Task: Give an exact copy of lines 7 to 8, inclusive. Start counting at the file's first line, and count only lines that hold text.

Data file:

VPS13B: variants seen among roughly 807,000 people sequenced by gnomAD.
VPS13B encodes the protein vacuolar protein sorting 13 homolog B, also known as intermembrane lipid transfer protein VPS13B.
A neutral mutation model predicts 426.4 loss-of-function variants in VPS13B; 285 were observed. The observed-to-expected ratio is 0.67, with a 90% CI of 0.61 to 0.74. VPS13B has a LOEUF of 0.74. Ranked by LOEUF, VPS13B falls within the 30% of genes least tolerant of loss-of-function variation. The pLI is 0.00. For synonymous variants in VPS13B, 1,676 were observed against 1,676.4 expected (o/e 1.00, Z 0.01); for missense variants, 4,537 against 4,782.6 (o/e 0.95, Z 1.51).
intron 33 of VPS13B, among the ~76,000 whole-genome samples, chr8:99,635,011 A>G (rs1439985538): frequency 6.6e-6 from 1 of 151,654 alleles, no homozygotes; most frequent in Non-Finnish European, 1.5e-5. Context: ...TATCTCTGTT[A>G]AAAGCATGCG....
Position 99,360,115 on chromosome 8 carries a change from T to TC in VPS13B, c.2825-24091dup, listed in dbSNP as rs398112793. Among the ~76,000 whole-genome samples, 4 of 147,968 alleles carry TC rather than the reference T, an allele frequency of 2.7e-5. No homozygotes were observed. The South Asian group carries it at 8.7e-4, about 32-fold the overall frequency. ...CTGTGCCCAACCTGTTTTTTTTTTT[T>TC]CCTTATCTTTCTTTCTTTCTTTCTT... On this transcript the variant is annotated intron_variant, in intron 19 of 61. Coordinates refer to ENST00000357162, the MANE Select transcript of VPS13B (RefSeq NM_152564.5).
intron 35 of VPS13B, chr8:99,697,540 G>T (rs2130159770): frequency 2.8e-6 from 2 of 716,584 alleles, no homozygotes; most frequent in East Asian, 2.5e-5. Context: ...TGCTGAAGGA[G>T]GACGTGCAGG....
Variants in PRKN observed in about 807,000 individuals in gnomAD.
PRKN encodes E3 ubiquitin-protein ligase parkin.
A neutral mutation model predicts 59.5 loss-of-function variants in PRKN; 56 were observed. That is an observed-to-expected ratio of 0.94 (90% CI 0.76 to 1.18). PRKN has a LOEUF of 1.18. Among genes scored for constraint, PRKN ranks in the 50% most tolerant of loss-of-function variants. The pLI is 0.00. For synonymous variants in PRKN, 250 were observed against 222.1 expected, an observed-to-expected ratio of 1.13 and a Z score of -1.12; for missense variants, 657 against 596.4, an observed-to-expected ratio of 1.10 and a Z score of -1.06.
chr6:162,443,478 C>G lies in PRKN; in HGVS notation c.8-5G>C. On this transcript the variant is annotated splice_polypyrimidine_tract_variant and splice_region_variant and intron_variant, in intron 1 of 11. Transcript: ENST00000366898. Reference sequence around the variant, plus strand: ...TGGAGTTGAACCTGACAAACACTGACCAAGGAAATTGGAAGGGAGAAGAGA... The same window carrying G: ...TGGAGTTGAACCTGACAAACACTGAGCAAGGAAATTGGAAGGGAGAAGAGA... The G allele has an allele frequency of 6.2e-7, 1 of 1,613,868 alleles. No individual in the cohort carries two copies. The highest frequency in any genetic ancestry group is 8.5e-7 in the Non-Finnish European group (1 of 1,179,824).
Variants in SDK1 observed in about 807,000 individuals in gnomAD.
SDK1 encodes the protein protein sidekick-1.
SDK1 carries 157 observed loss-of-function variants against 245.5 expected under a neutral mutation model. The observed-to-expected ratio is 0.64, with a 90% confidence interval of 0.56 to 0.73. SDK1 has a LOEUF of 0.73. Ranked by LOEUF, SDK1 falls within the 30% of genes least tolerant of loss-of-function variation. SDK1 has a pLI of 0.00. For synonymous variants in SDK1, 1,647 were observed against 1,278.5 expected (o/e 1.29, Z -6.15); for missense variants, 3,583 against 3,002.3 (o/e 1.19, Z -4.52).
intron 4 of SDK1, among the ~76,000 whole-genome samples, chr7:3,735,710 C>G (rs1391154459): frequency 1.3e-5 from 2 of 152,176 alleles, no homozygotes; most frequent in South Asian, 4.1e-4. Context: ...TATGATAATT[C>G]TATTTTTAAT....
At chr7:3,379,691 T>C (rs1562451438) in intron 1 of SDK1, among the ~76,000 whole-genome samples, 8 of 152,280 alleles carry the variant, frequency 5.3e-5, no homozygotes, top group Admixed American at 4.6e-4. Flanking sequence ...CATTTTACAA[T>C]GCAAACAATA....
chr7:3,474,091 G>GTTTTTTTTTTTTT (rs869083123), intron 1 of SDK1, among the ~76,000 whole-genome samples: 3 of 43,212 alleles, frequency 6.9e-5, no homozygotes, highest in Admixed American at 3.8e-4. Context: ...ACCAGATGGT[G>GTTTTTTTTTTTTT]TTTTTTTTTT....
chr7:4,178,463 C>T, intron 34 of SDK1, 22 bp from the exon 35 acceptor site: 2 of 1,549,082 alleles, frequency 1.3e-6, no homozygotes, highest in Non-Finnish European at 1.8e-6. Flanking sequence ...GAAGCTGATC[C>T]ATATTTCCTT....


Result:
Variants in PRKN observed in about 807,000 individuals in gnomAD.
PRKN encodes E3 ubiquitin-protein ligase parkin.